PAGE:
Saturday, July 01, 2006

Supreme Court Gito Decision

I believe the Supreme Court made a bad decision the other. My views are sumed up pretty good in this article at RealClearPolitics. The jest of it is in these 3 paragraphs:

There you have it. We can now turn to international common law to find out what our laws require. Who better than the Iraqis and North Koreans, Khaddafi's Libya, Mugabe's Zimbabwe and Chavez's Venezuela to tell us what our laws command? That's the Court's reading of the law. To make matters worse, by making Common Article 3 of the Geneva Conventions (the linchpin of this analysis) both legally enforceable and dependent on international common law, the Court has opened a door to criminal liability for American citizens, soldiers, and government officials on terms we cannot predict and would never approve.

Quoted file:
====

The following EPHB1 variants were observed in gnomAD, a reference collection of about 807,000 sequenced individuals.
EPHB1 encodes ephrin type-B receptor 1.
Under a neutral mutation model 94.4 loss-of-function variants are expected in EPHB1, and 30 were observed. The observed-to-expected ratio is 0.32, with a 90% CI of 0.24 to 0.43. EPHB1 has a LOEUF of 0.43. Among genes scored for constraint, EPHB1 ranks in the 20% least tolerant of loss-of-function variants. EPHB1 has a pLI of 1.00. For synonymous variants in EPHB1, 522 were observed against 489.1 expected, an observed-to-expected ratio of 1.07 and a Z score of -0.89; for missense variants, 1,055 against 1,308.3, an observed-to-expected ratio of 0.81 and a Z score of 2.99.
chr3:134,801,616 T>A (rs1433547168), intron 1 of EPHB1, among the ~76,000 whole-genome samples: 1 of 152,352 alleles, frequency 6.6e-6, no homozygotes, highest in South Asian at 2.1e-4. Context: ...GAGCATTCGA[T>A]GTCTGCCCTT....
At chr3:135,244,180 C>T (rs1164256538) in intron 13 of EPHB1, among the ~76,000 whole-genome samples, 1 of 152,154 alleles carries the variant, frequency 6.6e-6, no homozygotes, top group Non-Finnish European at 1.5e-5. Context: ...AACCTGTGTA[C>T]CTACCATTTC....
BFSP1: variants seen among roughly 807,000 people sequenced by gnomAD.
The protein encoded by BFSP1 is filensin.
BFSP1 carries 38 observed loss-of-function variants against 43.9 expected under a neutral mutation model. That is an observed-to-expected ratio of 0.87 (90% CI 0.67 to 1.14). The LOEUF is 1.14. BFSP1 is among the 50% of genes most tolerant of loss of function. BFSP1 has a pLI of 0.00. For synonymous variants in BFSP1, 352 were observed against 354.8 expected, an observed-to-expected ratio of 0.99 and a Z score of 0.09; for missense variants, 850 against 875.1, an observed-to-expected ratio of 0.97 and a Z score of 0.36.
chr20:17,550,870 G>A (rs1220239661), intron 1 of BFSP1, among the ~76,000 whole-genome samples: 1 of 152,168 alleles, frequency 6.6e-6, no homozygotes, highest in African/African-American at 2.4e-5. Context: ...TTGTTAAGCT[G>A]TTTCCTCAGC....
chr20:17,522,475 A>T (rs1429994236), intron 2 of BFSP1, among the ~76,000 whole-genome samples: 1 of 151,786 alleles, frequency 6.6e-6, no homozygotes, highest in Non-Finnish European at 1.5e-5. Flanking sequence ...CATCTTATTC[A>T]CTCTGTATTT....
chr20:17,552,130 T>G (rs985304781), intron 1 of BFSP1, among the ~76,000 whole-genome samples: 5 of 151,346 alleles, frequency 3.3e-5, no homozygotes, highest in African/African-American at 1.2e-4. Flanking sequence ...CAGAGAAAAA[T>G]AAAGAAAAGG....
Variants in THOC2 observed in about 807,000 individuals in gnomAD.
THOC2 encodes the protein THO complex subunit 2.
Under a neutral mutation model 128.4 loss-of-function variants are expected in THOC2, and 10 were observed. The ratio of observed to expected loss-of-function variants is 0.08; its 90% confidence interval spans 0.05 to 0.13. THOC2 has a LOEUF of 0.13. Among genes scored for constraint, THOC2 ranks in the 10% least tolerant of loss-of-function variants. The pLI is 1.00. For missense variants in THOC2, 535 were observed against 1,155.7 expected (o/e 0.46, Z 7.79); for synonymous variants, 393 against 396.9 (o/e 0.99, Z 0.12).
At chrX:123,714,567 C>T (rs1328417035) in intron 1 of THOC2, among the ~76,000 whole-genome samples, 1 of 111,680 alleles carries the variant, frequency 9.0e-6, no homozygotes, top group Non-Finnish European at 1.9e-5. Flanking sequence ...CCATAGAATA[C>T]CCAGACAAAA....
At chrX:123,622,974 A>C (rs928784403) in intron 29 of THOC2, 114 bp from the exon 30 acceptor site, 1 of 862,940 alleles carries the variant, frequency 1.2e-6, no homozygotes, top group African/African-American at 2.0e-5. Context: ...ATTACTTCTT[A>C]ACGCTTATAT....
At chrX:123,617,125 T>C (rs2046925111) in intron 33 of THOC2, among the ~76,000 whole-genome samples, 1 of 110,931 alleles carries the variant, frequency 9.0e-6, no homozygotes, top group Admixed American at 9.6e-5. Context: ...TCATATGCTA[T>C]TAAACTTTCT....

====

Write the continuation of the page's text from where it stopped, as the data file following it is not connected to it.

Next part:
The President may not have made perfect choices on the procedures used for these trials. He may not have perfectly balanced concerns over fair process with concerns over national security. But the President, not the Court, has expertise on this subject.

Justice Breyer's concurrence says that Congress didn't give the President a blank check to fight the war on terror. But the Constitution also doesn't give the justices a blank check to write the law. It especially doesn't give them a check drawn on a foreign bank.

posted by David at 3:48 AM :: Permalink ::

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